Love itself has been redefined over the millennium. One of these days, I want to sit down and write a history of love. It would have a chapter on how marriage was once used primarily as a property transaction and how that concept was itself based on using intermarriage between tribes as a way of sealing a truce. There would be a chapter on the birth of the notion of romantic love, fueled by the sudden increase in spare time brought on by the Industrial Revolution, which gave people time to do things like go on dates.
And there would be a chapter about us, you and I, Pastor Warren. I could say to you, “Hey, let’s tear the word ‘marriage’ from the law books. Let’s make marriage solely a religious thing. Straight, gay, black or white, we all go to City Hall to get a civil union and then leave it to the churches to decide who gets married and under what rules.”
But that’s not what this is about, is it? This is about changing the definition of love. If gays and lesbians are allowed to marry, as they were in California until you stripped that right away, then that means their love is legitimate. Why is that so scary to you?
And what does it mean that you say through words and actions that the way I love – that radical thing that God commands us to do – is wrong? How can you claim to love me and say that my love, the thing that makes me human, is somehow malfunctioning? You can’t.
Love your neighbor as you love yourself. In loving me, you must. If you truly believe all that stuff in the Bible, you must believe that my love is as legitimate as yours, because it is.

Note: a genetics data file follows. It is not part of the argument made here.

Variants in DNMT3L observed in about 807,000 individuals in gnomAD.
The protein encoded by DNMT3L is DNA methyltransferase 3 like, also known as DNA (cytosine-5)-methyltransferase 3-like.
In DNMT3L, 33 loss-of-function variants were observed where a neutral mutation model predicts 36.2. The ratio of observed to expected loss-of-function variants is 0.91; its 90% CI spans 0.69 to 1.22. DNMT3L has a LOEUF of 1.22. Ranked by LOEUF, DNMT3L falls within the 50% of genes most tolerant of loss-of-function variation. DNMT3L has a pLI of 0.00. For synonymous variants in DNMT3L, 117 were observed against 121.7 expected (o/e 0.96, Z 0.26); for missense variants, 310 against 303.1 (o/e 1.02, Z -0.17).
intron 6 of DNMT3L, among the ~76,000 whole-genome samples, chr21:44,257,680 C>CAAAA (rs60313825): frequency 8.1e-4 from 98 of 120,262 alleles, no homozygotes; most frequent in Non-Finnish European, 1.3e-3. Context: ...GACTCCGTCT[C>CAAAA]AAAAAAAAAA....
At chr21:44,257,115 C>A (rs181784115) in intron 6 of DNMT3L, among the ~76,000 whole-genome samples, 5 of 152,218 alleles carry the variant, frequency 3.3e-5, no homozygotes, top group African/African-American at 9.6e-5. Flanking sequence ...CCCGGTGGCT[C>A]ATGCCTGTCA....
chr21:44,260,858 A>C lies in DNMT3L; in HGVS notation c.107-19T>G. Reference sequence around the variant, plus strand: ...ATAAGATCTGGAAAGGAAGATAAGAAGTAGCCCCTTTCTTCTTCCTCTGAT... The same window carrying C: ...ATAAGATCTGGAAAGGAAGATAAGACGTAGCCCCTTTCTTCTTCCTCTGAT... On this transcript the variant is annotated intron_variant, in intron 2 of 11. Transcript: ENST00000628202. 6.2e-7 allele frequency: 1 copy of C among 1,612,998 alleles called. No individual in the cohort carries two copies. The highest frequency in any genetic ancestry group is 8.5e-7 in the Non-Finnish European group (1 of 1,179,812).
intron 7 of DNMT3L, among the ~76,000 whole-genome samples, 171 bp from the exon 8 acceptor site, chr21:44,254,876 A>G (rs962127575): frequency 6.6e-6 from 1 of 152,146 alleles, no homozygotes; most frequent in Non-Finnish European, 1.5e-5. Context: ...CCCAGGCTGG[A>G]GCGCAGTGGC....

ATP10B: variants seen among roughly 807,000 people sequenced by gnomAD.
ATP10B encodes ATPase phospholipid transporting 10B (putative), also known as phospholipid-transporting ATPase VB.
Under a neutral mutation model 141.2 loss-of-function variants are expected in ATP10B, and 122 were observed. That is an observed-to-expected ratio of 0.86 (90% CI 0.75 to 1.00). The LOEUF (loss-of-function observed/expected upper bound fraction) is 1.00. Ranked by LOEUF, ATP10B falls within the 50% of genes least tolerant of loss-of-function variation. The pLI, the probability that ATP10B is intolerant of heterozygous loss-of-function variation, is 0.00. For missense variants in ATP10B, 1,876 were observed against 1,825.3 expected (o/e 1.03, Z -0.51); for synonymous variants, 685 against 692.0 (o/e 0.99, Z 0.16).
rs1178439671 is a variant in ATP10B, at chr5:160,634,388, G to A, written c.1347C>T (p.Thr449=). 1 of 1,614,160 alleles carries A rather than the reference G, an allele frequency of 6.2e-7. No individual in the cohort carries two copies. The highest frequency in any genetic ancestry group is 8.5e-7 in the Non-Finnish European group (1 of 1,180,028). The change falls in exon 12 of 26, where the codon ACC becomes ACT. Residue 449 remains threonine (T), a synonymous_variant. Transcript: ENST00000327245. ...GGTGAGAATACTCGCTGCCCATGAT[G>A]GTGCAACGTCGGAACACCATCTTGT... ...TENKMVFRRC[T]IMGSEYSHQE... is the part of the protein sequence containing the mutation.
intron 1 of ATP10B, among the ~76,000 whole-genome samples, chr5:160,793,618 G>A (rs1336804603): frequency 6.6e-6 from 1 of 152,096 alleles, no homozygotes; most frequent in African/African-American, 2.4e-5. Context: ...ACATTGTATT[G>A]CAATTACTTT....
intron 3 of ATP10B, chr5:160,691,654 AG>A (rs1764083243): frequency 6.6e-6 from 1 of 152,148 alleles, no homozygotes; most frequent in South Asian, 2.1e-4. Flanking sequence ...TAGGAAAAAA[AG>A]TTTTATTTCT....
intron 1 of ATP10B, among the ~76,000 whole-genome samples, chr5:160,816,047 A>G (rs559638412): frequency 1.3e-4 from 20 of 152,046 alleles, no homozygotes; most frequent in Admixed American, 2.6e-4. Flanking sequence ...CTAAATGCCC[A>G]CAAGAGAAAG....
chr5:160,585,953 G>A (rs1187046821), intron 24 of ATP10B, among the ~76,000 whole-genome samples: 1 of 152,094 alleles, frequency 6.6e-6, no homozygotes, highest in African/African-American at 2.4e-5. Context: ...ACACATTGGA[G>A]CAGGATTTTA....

This is the chapter of the history of love being written today. Despite all the failures of humanity – its wars, its cruelty and injustice – we can look back on the last 2,000 years and say, we’ve become slightly better at loving our neighbor as ourselves, at least I believe we have. Our capacity to love, our understanding of it, our application of it not just to those closest to us, but strangers half a globe away in need, is a testament to the grace of our species.
Pastor Rick, you’ve missed the point, entirely. I have no interest in redefining your definition of marriage. What I want is for you to stop redefining mine. I know my capacity for love is the genuine authentic article, and because you are my neighbor, because I am commanded to love you as I love myself, I don’t sit up at night questioning your own capacity to love. The idea that I would ever raise a finger to keep you from sharing your love with another person is revolting. It actually physically disgusts me. It’s a repugnant slap in the face to that radical and essential notion that we, despite our prejudices, fears and petty dislikes, must love our neighbors as ourselves. And it’s what you’ve done to me and to thousand upon thousands of your neighbors.
And so, I struggle to love you, Pastor Rick. You say you want to build a bridge and that you love everybody? Then please, sit down with me and let’s try to understand each other better. I’ve made multiple requests to speak with you through your church – and I know I’m on ‘the list’ – but I’d like to make the offer to you directly. I believe you want to do good in the world. I think you are genuine in your desire to reach out to others. So let’s talk. Let’s see if we can disagree without being disagreeable.
Let’s be neighbors.